Do you know what the pension reforms will mean for you and when the new rules are due to come in to force?
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HSBC chief executive Stuart Gulliver and chairman Douglas Flint are due before a panel of MPs today over allegations that the bank's Swiss arm helped wealthy customers dodge tax.
They are expected to appear before the House of Commons Treasury Committee.
Mr Gulliver has voiced the bank's regret over the conduct and compliance of its Swiss private banking arm and said that the practices were a "source of shame and reputational damage" for the banking giant, while Mr Flint said HSBC needed to reinforce controls and demonstrate their effectiveness.
The industry is not ready for new pension freedoms set to be introduced in six weeks time, insurers have warned.Read the full story ›
Online payday lenders will be ordered to publish details of their products on at least one price comparison website under plans by the competition watchdog to make it easier for borrowers to shop around.
The Competition and Markets Authority (CMA) has made the finding following a investigation, lasting nearly two years, into the payday lending market, which found that a lack of price competition between lenders has led to higher costs for borrowers.
It found that most borrowers do not shop around, partly because of the difficulties in accessing clear and comparable information on the cost of borrowing and a lack of awareness of late fees and additional charges.
Details of 70 employers, including nurseries and a hotel, were published after they were fined for owing workers more than £157,000.Read the full story ›
Shares at the scandal hit bank HSBC slumped to finish 28p down at the end of trading in the city, falling 4.6% to 577.2p.
So 2014 clearly was not a good year for HSBC. The investment bank made less money but the group as a whole continued to pay penalties for past abuses whether it was in terms of fines or indeed compensation.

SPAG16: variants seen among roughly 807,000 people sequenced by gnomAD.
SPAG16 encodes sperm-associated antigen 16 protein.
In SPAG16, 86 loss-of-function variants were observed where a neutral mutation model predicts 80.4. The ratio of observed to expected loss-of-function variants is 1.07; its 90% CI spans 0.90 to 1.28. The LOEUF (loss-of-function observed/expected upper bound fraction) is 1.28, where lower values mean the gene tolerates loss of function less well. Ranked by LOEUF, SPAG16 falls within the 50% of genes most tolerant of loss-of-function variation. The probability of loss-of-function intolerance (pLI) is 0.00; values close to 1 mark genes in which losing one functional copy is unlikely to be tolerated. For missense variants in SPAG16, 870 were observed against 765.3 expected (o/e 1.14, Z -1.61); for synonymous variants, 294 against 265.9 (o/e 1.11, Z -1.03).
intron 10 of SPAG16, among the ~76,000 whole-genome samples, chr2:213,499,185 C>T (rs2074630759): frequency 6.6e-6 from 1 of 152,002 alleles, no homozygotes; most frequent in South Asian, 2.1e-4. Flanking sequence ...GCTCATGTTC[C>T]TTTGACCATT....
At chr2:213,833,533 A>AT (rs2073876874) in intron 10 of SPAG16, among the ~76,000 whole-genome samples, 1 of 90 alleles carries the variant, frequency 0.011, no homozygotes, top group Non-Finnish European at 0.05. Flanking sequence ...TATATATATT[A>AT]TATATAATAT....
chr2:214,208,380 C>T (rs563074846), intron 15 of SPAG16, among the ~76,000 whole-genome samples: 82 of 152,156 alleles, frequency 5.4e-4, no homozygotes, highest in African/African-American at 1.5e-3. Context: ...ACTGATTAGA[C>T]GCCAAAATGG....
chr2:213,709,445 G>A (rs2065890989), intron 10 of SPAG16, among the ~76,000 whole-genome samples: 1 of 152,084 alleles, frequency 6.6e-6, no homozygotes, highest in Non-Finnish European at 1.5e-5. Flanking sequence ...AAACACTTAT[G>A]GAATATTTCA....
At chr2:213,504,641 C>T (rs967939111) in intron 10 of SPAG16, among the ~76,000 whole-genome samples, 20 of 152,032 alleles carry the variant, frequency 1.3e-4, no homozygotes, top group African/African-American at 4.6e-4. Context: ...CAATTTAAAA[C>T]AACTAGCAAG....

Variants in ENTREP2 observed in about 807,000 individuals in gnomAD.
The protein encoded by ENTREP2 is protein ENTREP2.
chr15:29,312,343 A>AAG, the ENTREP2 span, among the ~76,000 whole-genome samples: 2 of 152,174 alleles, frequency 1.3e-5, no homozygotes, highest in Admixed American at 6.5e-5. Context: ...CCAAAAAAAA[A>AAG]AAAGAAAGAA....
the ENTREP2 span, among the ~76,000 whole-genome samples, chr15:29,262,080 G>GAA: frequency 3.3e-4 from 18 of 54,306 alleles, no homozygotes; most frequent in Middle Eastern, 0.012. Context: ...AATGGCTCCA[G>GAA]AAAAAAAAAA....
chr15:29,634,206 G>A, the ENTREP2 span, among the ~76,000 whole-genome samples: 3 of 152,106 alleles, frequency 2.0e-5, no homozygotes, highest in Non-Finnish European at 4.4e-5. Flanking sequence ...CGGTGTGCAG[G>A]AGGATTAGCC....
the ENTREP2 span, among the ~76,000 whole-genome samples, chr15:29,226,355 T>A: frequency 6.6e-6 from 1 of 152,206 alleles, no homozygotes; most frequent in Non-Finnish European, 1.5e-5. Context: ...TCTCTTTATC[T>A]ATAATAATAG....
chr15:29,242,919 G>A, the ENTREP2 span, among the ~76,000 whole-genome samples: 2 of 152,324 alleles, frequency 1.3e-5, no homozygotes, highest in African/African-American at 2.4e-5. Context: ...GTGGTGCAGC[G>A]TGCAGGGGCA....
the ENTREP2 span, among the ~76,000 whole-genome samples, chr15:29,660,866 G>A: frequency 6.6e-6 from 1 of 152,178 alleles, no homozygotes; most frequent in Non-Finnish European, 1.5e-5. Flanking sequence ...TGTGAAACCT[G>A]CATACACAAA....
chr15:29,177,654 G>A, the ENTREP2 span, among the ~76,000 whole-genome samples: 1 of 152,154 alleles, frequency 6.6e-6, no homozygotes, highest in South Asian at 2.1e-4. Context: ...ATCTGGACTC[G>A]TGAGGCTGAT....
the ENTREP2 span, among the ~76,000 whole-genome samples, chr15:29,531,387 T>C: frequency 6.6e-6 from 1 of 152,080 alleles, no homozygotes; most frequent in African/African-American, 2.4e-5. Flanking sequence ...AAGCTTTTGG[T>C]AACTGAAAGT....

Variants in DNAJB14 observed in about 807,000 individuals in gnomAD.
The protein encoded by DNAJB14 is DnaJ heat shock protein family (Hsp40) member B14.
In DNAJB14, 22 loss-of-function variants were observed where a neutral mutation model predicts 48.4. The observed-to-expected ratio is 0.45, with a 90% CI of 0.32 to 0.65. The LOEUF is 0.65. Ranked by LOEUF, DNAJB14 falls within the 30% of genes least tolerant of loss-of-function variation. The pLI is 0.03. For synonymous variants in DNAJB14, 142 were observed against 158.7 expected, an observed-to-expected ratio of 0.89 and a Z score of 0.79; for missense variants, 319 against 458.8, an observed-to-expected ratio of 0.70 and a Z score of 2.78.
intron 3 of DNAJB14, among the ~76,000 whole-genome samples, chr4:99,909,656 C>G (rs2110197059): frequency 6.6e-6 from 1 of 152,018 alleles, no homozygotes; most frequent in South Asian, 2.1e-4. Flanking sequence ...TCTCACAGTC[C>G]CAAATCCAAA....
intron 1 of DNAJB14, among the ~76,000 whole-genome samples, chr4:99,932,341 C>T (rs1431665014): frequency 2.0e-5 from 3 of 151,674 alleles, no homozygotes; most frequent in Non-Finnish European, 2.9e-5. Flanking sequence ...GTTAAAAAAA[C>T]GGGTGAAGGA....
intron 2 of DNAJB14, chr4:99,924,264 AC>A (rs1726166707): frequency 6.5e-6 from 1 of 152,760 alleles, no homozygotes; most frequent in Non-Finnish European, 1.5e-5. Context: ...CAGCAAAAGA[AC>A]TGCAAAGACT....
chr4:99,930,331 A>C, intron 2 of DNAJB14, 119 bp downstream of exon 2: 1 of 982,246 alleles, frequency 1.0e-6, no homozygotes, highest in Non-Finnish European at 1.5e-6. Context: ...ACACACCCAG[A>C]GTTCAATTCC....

It still made a lot of money - just over £12 billion for 2014, down though by 17% on the year before. Profits fell, so did the amount the chief executive earns. Stuart Gulliver took home £7.6m for last year. His bonus was cut by £500,000 because the bank failed to prevent traders manipulating the currency markets.
Remember that fine came at the tail end of last year. The overall bonus pool was also smaller, but 320 staff earned more than a million Euros each. Labour said the scale of the bonuses was astounding given the revelations of the last few days.
The Government has announced that the Low Pay Commission has recommended a 20p an hour increase in the national minimum wage to £6.70.
Business Secretary Vince Cable said: "If this recommendation were accepted, the value of the minimum wage would be higher than when we came to office in 2010 and we are now making good progress towards restoring the value it lost during the financial crisis."
The Government is to study the suggestion and make a decision later, possibly in next month's Budget. The recommendations for the 2015 rates are £6.70 (adult rate) £5.30 (18-20 rate); £3.87 (16-17 rate) and £2.80 (apprenticeship rate).
HSBC chief executive Stuart Gulliver earned £7.6 million in 2014 - including a bonus of £1.3 million and an "allowance" of £1.7m - it was revealed today as the group announced its annual figures.
My Gulliver's bonus was down from last year's £1.8 million, mainly due to the impact of a £216 million fine from the Financial Conduct Authority relating to HSBC's failure to prevent the rigging of foreign exchange operations.
The group today announced a 17 percent fall in its annual profits and Gulliver admitted the bank had "disappointed" in 2014.
HSBC has reported a 17 percent drop in annual pre-tax profits to £12.1 billion.
Chief executive Stuart Gulliver admitted that the banking giant had "disappointed" last year, as its share price slid 3 percent in early trading today.
The results were announced as Mr Gulliver was dragged into the ongoing furore over the bank's tax activities following the disclosure that he has a bank account in Switzerland to hold bonus payments.
The group has been mired in allegations that its Swiss private banking subsidiary helped thousands of wealthy clients avoid tax.